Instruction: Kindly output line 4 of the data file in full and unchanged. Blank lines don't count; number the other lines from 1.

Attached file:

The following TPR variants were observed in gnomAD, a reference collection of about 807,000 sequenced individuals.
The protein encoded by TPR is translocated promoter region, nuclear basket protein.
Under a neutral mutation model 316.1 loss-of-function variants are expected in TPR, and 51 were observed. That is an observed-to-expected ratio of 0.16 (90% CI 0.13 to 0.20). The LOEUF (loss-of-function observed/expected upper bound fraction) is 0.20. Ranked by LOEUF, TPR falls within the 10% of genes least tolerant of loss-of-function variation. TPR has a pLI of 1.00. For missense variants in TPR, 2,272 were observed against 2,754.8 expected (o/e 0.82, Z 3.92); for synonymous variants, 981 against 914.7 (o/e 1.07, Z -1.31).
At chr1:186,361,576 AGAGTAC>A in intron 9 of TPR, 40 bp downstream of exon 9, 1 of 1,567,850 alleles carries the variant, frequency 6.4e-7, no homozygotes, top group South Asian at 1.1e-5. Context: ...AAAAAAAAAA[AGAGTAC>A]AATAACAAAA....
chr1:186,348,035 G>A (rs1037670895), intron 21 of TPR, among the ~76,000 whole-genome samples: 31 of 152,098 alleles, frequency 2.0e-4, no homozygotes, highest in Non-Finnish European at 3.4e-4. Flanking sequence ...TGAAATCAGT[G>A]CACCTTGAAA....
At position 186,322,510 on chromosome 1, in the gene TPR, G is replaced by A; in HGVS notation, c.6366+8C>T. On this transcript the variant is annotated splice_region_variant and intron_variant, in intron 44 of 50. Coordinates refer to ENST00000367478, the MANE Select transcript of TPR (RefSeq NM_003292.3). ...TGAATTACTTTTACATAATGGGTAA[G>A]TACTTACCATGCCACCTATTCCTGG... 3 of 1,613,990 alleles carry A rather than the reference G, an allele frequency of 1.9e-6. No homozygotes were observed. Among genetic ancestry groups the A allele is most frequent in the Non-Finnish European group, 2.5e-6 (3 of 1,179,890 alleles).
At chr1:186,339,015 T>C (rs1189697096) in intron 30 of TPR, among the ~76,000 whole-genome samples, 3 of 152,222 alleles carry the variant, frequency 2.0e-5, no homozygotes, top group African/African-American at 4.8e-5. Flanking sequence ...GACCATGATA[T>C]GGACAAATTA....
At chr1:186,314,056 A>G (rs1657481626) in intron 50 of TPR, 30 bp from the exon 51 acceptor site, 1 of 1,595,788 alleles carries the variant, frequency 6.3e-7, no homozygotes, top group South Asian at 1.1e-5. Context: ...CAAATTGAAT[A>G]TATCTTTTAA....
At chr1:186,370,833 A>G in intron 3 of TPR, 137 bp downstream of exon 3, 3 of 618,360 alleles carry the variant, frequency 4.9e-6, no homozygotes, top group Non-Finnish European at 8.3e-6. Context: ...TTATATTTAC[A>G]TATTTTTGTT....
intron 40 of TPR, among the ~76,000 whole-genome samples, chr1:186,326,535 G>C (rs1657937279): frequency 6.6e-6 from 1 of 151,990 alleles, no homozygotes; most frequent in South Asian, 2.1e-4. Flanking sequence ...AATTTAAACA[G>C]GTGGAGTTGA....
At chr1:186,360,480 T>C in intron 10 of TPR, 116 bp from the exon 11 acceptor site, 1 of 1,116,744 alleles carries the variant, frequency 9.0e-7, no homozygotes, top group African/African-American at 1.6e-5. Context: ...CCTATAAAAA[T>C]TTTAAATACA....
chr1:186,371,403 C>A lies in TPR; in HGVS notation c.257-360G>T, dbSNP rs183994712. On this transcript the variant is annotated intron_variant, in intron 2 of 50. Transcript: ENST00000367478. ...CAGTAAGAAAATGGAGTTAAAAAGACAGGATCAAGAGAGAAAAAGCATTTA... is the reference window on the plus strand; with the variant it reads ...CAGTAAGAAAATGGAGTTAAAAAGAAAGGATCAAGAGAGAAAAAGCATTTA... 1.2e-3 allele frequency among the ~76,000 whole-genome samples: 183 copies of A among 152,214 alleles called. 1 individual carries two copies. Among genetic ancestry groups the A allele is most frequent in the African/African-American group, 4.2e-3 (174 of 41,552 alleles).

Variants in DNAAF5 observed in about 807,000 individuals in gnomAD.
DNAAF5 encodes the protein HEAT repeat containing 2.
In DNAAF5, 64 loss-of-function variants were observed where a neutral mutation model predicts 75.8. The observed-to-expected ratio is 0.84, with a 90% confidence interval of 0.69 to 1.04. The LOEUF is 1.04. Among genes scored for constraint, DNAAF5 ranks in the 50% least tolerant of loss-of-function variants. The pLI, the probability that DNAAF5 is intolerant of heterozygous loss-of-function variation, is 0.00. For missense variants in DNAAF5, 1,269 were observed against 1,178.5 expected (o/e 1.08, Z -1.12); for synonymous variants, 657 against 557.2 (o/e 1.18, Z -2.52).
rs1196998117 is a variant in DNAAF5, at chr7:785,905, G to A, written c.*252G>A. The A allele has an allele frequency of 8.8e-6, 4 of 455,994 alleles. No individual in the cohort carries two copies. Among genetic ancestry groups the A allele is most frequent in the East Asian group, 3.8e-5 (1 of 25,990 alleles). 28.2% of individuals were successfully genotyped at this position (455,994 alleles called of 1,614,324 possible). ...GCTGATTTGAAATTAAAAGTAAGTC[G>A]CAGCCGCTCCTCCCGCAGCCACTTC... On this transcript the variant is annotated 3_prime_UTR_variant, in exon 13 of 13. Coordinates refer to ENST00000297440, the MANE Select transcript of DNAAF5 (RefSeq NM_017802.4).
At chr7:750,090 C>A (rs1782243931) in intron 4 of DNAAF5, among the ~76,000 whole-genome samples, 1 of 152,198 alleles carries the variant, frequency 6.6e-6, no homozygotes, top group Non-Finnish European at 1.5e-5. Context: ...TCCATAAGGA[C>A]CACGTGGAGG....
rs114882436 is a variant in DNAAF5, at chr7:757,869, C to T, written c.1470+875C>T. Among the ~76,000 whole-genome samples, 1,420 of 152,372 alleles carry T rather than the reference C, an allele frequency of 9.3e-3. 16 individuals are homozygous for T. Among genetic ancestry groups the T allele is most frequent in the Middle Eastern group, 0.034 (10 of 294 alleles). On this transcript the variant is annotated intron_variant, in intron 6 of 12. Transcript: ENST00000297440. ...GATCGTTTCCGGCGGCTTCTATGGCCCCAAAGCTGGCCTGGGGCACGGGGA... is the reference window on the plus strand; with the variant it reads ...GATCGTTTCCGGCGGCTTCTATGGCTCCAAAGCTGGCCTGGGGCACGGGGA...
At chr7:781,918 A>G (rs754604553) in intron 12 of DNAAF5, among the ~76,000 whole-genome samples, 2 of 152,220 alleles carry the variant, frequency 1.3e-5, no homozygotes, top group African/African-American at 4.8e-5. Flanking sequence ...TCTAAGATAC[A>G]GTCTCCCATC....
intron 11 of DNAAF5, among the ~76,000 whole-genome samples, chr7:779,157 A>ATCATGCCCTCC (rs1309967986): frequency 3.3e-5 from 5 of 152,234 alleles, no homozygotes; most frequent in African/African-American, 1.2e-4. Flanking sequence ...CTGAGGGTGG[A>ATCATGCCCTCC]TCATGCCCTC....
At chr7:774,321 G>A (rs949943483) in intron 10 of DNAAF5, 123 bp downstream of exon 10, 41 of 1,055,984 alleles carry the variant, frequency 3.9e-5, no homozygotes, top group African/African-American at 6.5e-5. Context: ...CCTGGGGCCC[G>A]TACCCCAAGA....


At chr1:186,361,576 AGAGTAC>A in intron 9 of TPR, 40 bp downstream of exon 9, 1 of 1,567,850 alleles carries the variant, frequency 6.4e-7, no homozygotes, top group South Asian at 1.1e-5. Context: ...AAAAAAAAAA[AGAGTAC>A]AATAACAAAA....